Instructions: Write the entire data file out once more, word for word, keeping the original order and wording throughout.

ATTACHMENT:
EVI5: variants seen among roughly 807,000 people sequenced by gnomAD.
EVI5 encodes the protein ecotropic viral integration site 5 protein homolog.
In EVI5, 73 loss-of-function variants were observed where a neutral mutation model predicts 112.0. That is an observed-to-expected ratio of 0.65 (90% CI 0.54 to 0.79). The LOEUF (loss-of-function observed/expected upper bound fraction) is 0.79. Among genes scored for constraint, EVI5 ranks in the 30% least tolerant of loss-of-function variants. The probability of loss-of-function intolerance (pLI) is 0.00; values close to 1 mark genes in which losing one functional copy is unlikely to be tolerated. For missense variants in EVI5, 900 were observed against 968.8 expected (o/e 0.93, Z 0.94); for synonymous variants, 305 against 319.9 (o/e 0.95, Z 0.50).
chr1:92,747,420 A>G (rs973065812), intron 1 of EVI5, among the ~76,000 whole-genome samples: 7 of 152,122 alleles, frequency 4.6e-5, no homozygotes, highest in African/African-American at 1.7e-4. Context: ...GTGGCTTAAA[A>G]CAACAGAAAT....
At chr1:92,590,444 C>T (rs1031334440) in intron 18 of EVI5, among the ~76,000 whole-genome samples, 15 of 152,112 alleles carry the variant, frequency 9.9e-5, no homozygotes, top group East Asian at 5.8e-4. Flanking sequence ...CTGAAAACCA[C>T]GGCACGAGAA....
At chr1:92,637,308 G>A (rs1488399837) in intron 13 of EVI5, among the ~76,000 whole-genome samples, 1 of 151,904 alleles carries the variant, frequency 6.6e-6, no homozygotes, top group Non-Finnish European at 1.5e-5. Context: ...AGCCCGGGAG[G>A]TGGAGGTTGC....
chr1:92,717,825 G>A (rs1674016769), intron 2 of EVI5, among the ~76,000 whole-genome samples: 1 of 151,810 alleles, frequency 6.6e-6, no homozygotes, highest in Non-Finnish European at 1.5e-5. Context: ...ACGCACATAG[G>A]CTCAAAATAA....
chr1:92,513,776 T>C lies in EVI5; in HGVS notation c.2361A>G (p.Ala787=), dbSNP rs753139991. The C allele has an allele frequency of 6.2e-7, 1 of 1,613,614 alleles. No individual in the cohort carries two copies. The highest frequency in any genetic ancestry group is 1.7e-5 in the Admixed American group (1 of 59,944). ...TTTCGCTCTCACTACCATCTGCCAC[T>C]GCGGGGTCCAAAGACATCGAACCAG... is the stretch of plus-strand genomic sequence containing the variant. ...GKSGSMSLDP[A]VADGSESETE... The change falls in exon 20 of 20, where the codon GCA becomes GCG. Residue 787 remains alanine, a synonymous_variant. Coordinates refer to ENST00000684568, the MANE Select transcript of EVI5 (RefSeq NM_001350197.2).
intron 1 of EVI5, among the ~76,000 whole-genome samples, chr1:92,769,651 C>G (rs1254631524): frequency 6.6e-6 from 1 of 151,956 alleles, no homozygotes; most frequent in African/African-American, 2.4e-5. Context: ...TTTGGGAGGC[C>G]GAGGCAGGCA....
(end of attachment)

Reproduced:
EVI5: variants seen among roughly 807,000 people sequenced by gnomAD.
EVI5 encodes the protein ecotropic viral integration site 5 protein homolog.
In EVI5, 73 loss-of-function variants were observed where a neutral mutation model predicts 112.0. That is an observed-to-expected ratio of 0.65 (90% CI 0.54 to 0.79). The LOEUF (loss-of-function observed/expected upper bound fraction) is 0.79. Among genes scored for constraint, EVI5 ranks in the 30% least tolerant of loss-of-function variants. The probability of loss-of-function intolerance (pLI) is 0.00; values close to 1 mark genes in which losing one functional copy is unlikely to be tolerated. For missense variants in EVI5, 900 were observed against 968.8 expected (o/e 0.93, Z 0.94); for synonymous variants, 305 against 319.9 (o/e 0.95, Z 0.50).
chr1:92,747,420 A>G (rs973065812), intron 1 of EVI5, among the ~76,000 whole-genome samples: 7 of 152,122 alleles, frequency 4.6e-5, no homozygotes, highest in African/African-American at 1.7e-4. Context: ...GTGGCTTAAA[A>G]CAACAGAAAT....
At chr1:92,590,444 C>T (rs1031334440) in intron 18 of EVI5, among the ~76,000 whole-genome samples, 15 of 152,112 alleles carry the variant, frequency 9.9e-5, no homozygotes, top group East Asian at 5.8e-4. Flanking sequence ...CTGAAAACCA[C>T]GGCACGAGAA....
At chr1:92,637,308 G>A (rs1488399837) in intron 13 of EVI5, among the ~76,000 whole-genome samples, 1 of 151,904 alleles carries the variant, frequency 6.6e-6, no homozygotes, top group Non-Finnish European at 1.5e-5. Context: ...AGCCCGGGAG[G>A]TGGAGGTTGC....
chr1:92,717,825 G>A (rs1674016769), intron 2 of EVI5, among the ~76,000 whole-genome samples: 1 of 151,810 alleles, frequency 6.6e-6, no homozygotes, highest in Non-Finnish European at 1.5e-5. Context: ...ACGCACATAG[G>A]CTCAAAATAA....
chr1:92,513,776 T>C lies in EVI5; in HGVS notation c.2361A>G (p.Ala787=), dbSNP rs753139991. The C allele has an allele frequency of 6.2e-7, 1 of 1,613,614 alleles. No individual in the cohort carries two copies. The highest frequency in any genetic ancestry group is 1.7e-5 in the Admixed American group (1 of 59,944). ...TTTCGCTCTCACTACCATCTGCCAC[T>C]GCGGGGTCCAAAGACATCGAACCAG... is the stretch of plus-strand genomic sequence containing the variant. ...GKSGSMSLDP[A]VADGSESETE... The change falls in exon 20 of 20, where the codon GCA becomes GCG. Residue 787 remains alanine, a synonymous_variant. Coordinates refer to ENST00000684568, the MANE Select transcript of EVI5 (RefSeq NM_001350197.2).
intron 1 of EVI5, among the ~76,000 whole-genome samples, chr1:92,769,651 C>G (rs1254631524): frequency 6.6e-6 from 1 of 151,956 alleles, no homozygotes; most frequent in African/African-American, 2.4e-5. Context: ...TTTGGGAGGC[C>G]GAGGCAGGCA....